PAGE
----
Regression to the mean

It’d be really nice if  this was simply a theory piece about the practical application of the statistical phenomenon in the title, and its psychological impact on addiction.  Unfortunately, this is one of those pieces I write after I’ve relapsed.

There is plenty on the theory available online, Here, Here and Here for example. But the simple idea is that when something extremely good happens, it is most likely to be followed by something less extreme.  This is most typically true of events that are random in nature, but the idea can be used elsewhere.

In this case I am comparing it to levels of connectedness.  If I have a day during which I am and feel incredibly connected, the simple statistical likelihood that I will feel just as connected the next day is still going to be fairly small.  Unfortunately, I expect the extreme to continue.  (take a look at Bayes’ Theorem for an explanation of why that is.)  When the extreme connection (which is rather nice) does not happen repeatedly, I become disappointed, and start longing for anything that looks like connection.  I grasp indiscriminately after connection.  This, can lead to problems.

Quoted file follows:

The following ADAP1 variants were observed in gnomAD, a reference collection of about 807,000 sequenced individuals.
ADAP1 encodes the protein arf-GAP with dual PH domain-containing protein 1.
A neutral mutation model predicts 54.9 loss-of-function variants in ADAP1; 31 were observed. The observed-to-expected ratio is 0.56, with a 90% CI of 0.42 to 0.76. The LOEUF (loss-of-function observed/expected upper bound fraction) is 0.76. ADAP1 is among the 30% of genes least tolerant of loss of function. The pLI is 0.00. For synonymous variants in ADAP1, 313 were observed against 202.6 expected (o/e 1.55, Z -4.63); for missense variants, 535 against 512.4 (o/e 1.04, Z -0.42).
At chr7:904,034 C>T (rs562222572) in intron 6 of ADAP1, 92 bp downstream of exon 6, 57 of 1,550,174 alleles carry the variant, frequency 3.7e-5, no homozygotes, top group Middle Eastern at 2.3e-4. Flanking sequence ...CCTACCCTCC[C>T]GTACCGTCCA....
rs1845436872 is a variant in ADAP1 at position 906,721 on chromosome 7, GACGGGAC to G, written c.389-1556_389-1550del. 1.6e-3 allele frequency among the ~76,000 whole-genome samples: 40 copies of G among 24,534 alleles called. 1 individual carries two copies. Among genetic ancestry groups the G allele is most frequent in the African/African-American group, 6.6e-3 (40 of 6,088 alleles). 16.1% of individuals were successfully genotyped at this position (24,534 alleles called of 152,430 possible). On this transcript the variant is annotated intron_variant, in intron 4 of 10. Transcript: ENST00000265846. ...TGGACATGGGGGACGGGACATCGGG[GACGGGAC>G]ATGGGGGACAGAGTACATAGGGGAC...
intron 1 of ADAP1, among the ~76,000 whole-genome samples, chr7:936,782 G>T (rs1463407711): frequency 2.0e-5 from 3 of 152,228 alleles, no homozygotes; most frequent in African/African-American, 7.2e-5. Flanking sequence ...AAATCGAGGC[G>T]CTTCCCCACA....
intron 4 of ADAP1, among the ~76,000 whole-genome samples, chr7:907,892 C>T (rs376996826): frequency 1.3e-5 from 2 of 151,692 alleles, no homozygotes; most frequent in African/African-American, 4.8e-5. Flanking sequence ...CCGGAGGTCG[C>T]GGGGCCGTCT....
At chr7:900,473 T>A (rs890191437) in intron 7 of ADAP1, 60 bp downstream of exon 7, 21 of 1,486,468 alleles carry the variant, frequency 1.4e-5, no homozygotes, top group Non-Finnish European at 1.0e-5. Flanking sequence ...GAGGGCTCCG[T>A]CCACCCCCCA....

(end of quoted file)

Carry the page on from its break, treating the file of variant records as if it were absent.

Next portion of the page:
I don’t know that I’ve explained myself all that well in this post.  (I’m kind of exhausted at the moment.)  Hopefully it will make more sense when reading through the prevention sheet below.

Relapse Prevention Sheet


Interrupted Sleep, regression to the mean re:Connection, sexual chat online and via SMS,